Nosy about what your neighbors are spraying on their properties? Try this…

 

bdn-formsLet’s just spend a couple of minutes looking at that pesticide notification form that will notify you about any commercial organic or chemical pesticides being applied to your neighbors’ properties.

Where can you find it? It’s on line at Maine Pesticide Notification Registry. Print it out and you will see spaces for your neighbors’ names. You only can fill in those neighbors within 250 feet of your property line.

How can you find out if they are within 250’ of your property? The easiest way for us is to measure our pace or stride. Say your stride measures about 2’. Then all you have to do is to pace about 125 paces and write down your neighbors’ names and addresses. It’s a good idea to tell your neighbors what you’re doing if they’re around.

Most of our neighbors are seasonal and so aren’t home sometimes when their lawn and garden services come to spray or scatter stuff on their lawns and gardens so they may have little idea what is being placed on their property.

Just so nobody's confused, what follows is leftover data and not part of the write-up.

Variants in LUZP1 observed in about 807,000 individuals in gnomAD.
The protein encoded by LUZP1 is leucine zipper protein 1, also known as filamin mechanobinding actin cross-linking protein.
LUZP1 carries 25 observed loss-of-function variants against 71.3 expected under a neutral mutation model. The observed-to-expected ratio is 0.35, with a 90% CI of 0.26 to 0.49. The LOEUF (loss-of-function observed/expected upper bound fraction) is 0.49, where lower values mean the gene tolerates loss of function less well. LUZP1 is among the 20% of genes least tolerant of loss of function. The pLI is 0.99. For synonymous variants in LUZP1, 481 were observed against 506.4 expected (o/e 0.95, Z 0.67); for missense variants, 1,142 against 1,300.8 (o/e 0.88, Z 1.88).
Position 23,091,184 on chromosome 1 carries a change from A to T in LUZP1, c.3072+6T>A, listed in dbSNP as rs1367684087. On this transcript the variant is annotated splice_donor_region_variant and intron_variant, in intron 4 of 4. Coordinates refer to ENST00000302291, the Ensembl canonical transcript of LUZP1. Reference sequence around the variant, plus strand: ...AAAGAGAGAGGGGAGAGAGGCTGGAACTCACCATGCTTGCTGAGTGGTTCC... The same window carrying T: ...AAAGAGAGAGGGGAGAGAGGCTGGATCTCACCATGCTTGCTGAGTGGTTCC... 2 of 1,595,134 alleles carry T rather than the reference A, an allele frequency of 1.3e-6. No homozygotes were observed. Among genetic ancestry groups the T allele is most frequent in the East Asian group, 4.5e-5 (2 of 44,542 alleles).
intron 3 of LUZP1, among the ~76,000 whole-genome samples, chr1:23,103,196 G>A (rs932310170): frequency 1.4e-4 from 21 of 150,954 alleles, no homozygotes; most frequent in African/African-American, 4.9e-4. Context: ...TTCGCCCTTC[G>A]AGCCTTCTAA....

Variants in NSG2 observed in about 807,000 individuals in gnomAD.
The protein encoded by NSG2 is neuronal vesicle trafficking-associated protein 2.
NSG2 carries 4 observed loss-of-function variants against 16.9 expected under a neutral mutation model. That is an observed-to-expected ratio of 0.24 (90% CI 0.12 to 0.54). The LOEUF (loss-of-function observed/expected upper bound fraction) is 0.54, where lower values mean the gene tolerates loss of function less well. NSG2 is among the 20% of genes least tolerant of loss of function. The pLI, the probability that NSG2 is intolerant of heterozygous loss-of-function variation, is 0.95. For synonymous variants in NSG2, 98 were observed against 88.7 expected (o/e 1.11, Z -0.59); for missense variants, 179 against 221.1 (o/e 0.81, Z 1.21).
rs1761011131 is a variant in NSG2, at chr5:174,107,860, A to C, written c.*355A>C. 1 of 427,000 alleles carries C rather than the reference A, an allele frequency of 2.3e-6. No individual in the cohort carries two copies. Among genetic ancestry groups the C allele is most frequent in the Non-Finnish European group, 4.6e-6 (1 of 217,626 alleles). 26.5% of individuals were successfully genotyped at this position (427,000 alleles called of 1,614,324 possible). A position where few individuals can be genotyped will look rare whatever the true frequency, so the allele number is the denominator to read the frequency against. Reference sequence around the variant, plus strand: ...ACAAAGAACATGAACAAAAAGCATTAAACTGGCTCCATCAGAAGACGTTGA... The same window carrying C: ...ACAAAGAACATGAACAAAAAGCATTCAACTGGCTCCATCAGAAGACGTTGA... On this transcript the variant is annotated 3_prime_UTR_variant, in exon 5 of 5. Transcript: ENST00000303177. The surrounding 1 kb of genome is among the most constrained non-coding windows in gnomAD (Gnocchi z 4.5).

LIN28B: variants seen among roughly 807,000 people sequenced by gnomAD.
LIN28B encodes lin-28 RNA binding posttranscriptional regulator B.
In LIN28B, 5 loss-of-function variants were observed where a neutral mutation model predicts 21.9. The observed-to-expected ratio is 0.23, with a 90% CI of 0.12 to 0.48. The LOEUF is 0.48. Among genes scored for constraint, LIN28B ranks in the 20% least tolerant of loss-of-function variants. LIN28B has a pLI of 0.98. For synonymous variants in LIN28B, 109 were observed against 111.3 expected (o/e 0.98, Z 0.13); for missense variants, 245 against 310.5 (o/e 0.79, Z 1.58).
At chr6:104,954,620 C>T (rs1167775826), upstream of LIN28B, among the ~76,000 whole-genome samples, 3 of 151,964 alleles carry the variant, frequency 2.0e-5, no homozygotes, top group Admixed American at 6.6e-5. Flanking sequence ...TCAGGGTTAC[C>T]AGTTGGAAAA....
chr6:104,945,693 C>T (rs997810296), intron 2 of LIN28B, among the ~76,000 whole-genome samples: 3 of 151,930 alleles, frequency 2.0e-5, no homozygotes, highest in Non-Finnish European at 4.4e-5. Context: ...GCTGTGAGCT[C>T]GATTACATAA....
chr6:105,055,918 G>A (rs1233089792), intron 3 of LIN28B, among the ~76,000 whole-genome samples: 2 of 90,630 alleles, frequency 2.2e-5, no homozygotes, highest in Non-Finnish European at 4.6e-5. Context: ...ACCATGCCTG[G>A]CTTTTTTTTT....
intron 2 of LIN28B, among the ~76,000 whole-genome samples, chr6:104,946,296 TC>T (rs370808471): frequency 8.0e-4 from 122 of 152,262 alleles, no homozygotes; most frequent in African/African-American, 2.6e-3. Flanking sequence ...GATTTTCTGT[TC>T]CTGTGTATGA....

If you live in a town where chemical pesticides are allowed, then you will be notified what will be sprayed or placed on lawns and gardens. Often you have to ask the lawn and garden service the name of the product they plan to use. Once you have the name, then you can find out about it.

Is this a product safe for children and pets? Is it a product that should not be used within a certain distances of streams, ponds or the ocean?
If you feel your neighbors are open to what is being used on their properties, perhaps you could talk to them about these products.

Even if you live in an all organic town as we do, you can find out a lot about the products being used and might want to use them for your own property. Or if the products are organic, but not people or pet friendly, you might want to know that as well.

In any case, this is information you can use for your and your neighbors’ benefit.

Bill Baker

About Bill Baker

Bill's interest in a clean place to live is rooted in growing up in the country – a cornfield across the road and fields, sandstone cliffs and hundreds of acres of woods where he spent many hours.